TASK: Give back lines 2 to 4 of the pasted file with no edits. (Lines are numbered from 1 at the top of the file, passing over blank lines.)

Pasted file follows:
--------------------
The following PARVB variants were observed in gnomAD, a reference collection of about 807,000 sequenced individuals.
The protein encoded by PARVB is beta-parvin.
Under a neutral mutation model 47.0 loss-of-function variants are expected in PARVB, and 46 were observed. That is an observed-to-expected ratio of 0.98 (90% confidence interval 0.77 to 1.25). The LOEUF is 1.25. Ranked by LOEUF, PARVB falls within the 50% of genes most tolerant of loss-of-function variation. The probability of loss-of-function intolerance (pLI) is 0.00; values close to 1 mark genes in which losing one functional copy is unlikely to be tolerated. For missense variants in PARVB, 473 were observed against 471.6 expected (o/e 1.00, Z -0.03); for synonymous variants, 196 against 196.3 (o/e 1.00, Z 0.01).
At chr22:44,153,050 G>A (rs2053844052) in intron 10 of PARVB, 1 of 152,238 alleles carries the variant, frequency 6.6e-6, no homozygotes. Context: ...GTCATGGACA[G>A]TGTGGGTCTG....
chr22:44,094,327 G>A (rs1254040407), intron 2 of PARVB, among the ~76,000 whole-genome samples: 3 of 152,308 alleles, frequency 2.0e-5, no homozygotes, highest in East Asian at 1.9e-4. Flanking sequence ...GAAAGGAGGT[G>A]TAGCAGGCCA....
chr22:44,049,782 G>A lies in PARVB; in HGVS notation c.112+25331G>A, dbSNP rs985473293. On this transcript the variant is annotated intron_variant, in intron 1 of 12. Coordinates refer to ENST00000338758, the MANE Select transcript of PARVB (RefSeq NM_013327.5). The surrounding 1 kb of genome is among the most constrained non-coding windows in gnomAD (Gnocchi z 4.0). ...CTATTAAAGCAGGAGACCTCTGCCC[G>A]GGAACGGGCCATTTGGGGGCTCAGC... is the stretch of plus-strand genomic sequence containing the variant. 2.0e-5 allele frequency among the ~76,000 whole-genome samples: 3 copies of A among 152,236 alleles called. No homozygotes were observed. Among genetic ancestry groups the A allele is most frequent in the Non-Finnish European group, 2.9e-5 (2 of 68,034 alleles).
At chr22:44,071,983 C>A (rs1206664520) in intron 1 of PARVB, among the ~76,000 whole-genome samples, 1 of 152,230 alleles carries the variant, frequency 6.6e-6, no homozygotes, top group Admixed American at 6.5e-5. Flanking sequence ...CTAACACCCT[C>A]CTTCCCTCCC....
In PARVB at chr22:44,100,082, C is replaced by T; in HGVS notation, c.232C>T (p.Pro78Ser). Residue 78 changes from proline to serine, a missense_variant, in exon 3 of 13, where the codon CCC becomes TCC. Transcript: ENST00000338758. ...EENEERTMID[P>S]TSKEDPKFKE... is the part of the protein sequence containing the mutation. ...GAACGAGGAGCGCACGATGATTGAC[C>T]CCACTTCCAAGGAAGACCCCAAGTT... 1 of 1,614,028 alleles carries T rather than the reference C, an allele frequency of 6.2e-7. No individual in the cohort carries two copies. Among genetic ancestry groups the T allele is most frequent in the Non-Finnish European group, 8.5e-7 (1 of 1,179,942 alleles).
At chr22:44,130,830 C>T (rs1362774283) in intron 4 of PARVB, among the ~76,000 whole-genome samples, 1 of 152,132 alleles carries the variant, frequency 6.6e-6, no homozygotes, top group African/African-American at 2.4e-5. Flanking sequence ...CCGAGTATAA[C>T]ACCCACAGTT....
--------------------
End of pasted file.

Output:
The protein encoded by PARVB is beta-parvin.
Under a neutral mutation model 47.0 loss-of-function variants are expected in PARVB, and 46 were observed. That is an observed-to-expected ratio of 0.98 (90% confidence interval 0.77 to 1.25). The LOEUF is 1.25. Ranked by LOEUF, PARVB falls within the 50% of genes most tolerant of loss-of-function variation. The probability of loss-of-function intolerance (pLI) is 0.00; values close to 1 mark genes in which losing one functional copy is unlikely to be tolerated. For missense variants in PARVB, 473 were observed against 471.6 expected (o/e 1.00, Z -0.03); for synonymous variants, 196 against 196.3 (o/e 1.00, Z 0.01).
At chr22:44,153,050 G>A (rs2053844052) in intron 10 of PARVB, 1 of 152,238 alleles carries the variant, frequency 6.6e-6, no homozygotes. Context: ...GTCATGGACA[G>A]TGTGGGTCTG....